Michigan’s Sleeping Bear Dunes National Lakeshore is nestled on the state’s Lower Peninsula between the fresh waters of Lake Michigan and forest-capped bluffs. In 2021, the 71,000-acre park welcomed 1.7 million people. Increasing visitation across our country’s parks adds to the urgent need to protect and preserve these iconic places and resources for generations to come. Carhartt has partnered with the National Park Foundation (NPF) to help do just that.
The NPF raises money for the National Park Service to meet the needs not funded by Congress—which is why Carhartt committed $750,000 to NPF to strengthen the foundation’s Communities and Workforce initiative. “We’re the matchmaker ensuring these funds go to the organizations and park sites that are doing incredible conservation and restoration projects,” says Tracey Ritchie, VP of education and engagement at the NPF.
To celebrate the National Park Service’s 106th birthday, Carhartt representatives visited Sleeping Bear Dunes (just a few hours from the company’s headquarters in Dearborn) and highlighted the important work being done by NPF-supported service corps workforce programs like YouthWork—a local nonprofit AmeriCorps program in Michigan that teaches conservation job skills to young people.
On a mid-August day at Sleeping Bear, crews of teenagers and young adults are serving with YouthWork, helping to repair the 150-year-old Sleeping Bear Inn in historic Glen Haven Village before it reopens to the public. Service corps members from Detroit are wrangling a jackhammer, removing a large slab of concrete. Nearby, a young woman is learning how to plane a board for what will be a staircase. “See this warp in the board?” her crew leader asks. “This is how you smooth it.” On the 1.5-mile Empire Bluff Trail, one of the park’s most popular hikes, crews are working to combat erosion caused by heavier-than-normal rains and a thinning of the forest canopy by the emerald ash borer, a beetle that attacks ash trees.
At the historic Dechow Farms, 17-year-old Ryan Butler of Detroit tends goats that eat an autumn olive tree—an invasive species in the park. “I read the job description for this and wanted to do it,” says Butler, who’s about to start his senior year of high school and plans to return again next summer. “I get to camp, give back to the community, and work with tools I’ve never worked with before, like chainsaws.” He wasn’t originally a goat person, but now he’s into them.
What Butler is describing is the whole point of the program: to help young people develop skills, connect with the outdoors, and gain an appreciation for the work it takes to protect and conserve the parks for others to enjoy. That type of work—and work ethic—is exactly what Carhartt and the NPF want to champion. With funding for the NPF-supported service corps programs like YouthWork, the parks receive the attention they need and young people get hands-on job opportunities in the outdoors.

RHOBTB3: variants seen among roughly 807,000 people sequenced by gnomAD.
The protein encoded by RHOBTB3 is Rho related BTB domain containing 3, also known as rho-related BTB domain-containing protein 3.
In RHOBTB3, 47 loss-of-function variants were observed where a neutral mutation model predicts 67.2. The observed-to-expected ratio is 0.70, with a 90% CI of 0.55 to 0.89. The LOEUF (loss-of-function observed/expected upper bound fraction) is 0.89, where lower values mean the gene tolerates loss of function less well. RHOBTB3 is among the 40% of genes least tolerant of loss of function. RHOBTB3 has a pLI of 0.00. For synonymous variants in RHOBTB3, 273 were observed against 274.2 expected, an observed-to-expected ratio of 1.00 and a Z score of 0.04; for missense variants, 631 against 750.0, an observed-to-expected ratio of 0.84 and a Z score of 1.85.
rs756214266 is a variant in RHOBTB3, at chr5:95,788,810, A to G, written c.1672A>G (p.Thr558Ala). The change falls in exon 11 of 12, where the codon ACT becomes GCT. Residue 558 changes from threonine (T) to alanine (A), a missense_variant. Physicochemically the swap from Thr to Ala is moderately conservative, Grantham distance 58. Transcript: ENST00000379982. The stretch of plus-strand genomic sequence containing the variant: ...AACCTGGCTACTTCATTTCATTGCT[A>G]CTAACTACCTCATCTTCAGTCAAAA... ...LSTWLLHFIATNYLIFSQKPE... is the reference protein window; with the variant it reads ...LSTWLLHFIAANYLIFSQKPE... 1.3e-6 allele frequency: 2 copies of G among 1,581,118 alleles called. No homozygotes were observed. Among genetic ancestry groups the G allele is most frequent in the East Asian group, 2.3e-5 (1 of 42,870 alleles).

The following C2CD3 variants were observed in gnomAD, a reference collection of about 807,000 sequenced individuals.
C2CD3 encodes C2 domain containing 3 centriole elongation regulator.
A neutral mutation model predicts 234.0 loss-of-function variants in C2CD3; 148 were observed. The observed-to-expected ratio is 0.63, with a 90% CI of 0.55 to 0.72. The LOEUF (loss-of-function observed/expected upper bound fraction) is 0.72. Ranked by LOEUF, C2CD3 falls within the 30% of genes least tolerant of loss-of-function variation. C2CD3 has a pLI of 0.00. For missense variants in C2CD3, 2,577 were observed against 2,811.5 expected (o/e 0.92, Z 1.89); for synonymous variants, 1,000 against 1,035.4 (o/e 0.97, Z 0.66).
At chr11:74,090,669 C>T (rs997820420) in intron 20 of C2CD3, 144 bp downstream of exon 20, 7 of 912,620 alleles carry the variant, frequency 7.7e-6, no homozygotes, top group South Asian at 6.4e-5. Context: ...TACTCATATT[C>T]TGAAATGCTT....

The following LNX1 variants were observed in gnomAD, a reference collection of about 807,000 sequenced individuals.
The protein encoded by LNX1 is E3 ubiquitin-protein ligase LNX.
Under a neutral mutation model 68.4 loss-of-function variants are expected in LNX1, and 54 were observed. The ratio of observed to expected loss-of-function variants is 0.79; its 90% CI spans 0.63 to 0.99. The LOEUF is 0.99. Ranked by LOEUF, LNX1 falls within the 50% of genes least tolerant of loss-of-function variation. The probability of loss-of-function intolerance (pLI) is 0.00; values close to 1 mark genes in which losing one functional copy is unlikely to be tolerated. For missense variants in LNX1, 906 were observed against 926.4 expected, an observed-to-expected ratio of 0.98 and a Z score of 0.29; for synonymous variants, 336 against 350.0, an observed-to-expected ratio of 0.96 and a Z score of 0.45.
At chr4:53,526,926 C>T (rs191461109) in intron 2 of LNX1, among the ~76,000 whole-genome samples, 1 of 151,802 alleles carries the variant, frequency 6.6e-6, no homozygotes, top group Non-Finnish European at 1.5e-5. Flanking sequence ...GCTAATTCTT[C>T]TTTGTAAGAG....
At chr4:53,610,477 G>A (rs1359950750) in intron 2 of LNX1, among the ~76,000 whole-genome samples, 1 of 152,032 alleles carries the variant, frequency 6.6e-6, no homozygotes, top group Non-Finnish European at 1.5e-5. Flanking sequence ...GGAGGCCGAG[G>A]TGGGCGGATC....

“The most important thing is that we’re empowering the next generation of outdoor workers and leaders,” says Carhartt president and COO Linda Hubbard. “Our mission is to serve and protect hardworking people, and part of that is protecting opportunities for recreation.” With the NPF and YouthWork, says Hubbard, it’s a two-for-one: Carhartt gets to help preserve public land for everyone to enjoy and give young workers skills they can love using in their careers to come.
According to Amanda Scott, YouthWork AmeriCorps Director, the program has a 91 percent success rate for people completing their summer contracts, and this year 83 youth AmeriCorps members are on projects around the state. Their tasks run the gamut from building new trails to removing invasive species to repairing damage. YouthWork wants to make sure the opportunity is accessible to anyone who is interested, so it provides individualized training, support, and special accommodations. YouthWork is part of a diverse network of NPF-supported service corps programs across the country, many of which have affinity crews, from all-women veteran crews to groups that operate entirely using American Sign Language.
“These students are gaining skills that are going to take them into their career, which is hopefully an outdoor career, but also if they’re going to be a plumber or a teacher,” says Ritchie. “They’re building that care ethic and stewardship and are having incredible immersive experiences in the outdoors.”
Last year alone, NPF-supported service corps workers completed critical projects at over 50 national park sites: they restored over 900 acres of natural habitat, planted 30,000 trees, removed 40,000 pounds of litter, and logged a staggering 50,000 hours of service.
“We want to continue to make an impact and be part of the community,” says Hubbard. “Our purpose is focused on building a better world and we can’t do it by ourselves, but we can do it alongside hardworking people.”
Established in 1889, Carhartt is a global premium workwear brand with a rich heritage of developing rugged products for workers on and off the job. Headquartered in Dearborn, Michigan, with approximately 5,400 employees worldwide, Carhartt is family-owned and managed by the descendants of the company’s founder, Hamilton Carhartt. For more information, visit www.carhartt.com.
The post Preserving America’s National Parks for Future Generations appeared first on Outside Online.